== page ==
6. And thus in all circumstances, however perplexing, our own will is to be conformed to the Divine. And behold another example of this conformity, much more remarkable than the former! King David, the son of Jesse, had united his will to the Divine by so close a bond of agreement, that God declared, as if congratulating Himself on such a man,-----"I have found David the son of Jesse, a man after My Own Heart, who shall do all My Wills." [Acts XIII. 22] "I have found," He says, as if He had sought anxiously, and had waited a long time, until He had found him. And this commendation, awarded by God to the king at Hebron, surpassed all his other titles of honour.

Christ, Who was perfectly obedient to His Father in all things, has encouraged us to this virtue by His Own example:-----"Because I came down from Heaven," He says, "not to do My Own Will, but the Will of Him that sent Me." [John VI. 38] And,-----"My meat is to do the Will of Him that sent Me, that I may perfect His work." [John IV. 34] And lest perchance anyone should complain,-----"He spares His son, but a servant He spares not;" behold! the Son is before us! And see what commands the Father is about to lay upon Him! Not even the lowest of servants would perform commands of the same kind!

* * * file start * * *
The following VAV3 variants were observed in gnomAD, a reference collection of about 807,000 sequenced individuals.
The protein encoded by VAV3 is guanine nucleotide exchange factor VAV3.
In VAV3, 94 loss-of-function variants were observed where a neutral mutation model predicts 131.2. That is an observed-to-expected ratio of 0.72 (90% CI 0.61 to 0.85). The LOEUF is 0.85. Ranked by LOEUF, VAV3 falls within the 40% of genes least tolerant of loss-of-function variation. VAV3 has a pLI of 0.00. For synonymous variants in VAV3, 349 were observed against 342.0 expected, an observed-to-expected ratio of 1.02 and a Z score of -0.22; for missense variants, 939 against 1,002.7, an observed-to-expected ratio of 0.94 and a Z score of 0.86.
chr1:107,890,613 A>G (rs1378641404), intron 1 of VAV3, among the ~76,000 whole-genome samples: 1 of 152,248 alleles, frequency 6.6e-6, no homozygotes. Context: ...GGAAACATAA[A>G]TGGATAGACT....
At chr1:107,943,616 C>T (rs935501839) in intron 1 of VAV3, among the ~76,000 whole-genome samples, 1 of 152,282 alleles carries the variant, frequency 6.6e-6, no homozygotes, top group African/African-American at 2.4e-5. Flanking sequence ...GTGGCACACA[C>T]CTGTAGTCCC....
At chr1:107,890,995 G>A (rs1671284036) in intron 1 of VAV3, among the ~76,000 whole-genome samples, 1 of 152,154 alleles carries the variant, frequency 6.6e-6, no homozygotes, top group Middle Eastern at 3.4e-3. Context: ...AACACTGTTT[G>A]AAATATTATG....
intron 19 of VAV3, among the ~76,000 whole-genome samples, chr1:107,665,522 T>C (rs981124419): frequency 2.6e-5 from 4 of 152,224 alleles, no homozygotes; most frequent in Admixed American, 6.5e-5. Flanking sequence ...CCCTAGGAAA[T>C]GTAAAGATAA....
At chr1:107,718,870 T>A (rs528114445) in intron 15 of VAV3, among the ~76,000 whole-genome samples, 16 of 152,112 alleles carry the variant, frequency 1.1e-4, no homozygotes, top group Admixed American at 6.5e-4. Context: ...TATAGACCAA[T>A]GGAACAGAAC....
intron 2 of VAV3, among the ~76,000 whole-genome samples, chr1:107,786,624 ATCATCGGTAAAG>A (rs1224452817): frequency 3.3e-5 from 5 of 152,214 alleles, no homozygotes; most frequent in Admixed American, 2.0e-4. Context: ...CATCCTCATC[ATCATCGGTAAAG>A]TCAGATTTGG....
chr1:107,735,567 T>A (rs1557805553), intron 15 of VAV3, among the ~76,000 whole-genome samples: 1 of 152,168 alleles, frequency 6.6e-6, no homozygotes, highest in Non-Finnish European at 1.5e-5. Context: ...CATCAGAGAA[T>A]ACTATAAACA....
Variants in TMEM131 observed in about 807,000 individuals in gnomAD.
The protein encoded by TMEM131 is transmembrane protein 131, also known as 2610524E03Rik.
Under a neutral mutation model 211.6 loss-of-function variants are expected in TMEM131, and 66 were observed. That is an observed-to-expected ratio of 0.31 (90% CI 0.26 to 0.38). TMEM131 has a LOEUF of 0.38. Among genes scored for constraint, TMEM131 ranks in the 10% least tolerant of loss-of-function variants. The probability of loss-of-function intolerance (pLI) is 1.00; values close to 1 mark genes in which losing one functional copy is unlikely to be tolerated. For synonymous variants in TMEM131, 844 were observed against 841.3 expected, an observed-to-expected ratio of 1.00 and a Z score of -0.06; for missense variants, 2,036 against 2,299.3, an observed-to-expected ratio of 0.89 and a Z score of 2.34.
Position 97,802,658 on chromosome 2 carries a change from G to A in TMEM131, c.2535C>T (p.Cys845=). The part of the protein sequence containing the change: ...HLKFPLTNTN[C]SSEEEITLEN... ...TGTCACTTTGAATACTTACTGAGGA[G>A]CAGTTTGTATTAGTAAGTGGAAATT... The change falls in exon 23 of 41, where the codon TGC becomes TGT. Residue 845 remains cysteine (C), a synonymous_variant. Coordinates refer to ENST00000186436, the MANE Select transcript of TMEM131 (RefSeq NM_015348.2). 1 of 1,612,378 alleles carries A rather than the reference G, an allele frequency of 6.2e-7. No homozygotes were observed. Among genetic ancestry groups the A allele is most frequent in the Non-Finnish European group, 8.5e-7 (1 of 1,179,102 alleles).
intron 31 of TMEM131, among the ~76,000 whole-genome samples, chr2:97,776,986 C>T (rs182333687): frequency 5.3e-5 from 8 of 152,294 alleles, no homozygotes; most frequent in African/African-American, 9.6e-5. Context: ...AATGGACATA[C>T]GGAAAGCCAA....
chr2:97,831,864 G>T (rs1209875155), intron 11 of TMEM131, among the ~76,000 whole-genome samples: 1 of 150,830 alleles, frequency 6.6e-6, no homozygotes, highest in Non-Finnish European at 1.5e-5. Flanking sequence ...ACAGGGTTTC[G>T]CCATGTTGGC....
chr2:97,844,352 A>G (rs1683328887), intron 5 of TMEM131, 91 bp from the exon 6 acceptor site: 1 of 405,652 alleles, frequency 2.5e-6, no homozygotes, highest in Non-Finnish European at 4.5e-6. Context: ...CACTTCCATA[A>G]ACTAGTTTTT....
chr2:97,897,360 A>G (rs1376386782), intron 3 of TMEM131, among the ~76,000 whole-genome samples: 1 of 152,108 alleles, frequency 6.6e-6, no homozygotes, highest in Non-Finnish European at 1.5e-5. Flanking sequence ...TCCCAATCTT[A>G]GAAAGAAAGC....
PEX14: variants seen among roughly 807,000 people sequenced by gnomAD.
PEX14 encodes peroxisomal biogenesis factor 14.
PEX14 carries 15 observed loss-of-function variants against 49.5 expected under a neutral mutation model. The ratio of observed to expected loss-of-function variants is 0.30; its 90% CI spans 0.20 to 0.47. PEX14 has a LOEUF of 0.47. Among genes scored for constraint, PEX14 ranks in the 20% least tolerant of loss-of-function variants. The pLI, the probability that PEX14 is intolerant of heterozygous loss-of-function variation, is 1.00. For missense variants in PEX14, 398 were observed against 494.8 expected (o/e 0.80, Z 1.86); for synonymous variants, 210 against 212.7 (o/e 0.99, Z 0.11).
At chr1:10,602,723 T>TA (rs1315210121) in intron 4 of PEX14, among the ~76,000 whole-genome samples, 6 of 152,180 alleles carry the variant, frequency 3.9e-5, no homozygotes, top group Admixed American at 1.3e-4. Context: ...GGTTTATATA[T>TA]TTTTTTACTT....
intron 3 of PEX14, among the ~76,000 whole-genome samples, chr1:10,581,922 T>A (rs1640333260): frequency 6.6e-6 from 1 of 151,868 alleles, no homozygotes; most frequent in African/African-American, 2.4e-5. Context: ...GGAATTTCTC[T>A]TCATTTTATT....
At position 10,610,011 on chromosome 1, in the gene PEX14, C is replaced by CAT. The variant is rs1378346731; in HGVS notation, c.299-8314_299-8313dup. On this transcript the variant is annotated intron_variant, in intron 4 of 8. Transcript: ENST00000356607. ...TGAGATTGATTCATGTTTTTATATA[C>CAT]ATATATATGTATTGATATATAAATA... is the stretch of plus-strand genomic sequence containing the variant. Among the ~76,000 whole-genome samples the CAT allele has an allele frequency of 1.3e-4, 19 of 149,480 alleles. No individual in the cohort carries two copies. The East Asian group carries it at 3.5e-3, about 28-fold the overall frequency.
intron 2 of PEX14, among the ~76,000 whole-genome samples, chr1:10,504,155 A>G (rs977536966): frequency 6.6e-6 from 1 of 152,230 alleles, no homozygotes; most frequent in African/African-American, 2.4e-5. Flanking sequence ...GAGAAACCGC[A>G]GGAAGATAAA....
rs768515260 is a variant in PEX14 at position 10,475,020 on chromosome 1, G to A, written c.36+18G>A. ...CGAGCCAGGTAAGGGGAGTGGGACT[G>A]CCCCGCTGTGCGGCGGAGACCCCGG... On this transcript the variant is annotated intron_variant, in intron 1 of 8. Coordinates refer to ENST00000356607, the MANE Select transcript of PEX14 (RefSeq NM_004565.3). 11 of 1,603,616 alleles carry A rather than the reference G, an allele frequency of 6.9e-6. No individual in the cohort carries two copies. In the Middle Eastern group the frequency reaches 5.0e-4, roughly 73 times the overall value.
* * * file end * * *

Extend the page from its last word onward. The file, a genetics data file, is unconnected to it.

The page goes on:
Upon which one of you, O ye willful ones, has He enjoined such toil as upon the Son? Whom has He ever exposed to such mockings, and false accusations, and sufferings, as the Son, Who was obedient to the Father, even to the Hall of Pilate, even to the cruel Pillar of Scourging, even to the Hill of Golgotha, even to the most shameful Cross and most painful Death, even to the Sepulchre which was not His Own, even to the Prison of departed souls? For this, He proclaims, I came down from Heaven, that I might submit Myself most perfectly to this Will of My Father. What, then, shall servants do, if the Son did this? And so our Lord, summing up all His precepts under one head, says,-----"Not everyone that saith to me, Lord, Lord, shall enter into the kingdom of Heaven, but he that doth the Will of My Father Who is in Heaven." [Matt. VII. 21]
He who has so disciplined himself as most thoroughly to yield himself to the Divine Will begins already to dwell on the summit of a mountain inaccessible to danger, and has beneath his feet clouds, and storms, and lightnings, and every disturbance of the elements, and all the changes of this mortal life; and there he is placed beyond the reach of all fear, except it be that he fear this alone,
-----that he be not united closely enough to the Divine Will, and so he exclaims without ceasing,-----"Thy will be done on Earth, as it is in Heaven!"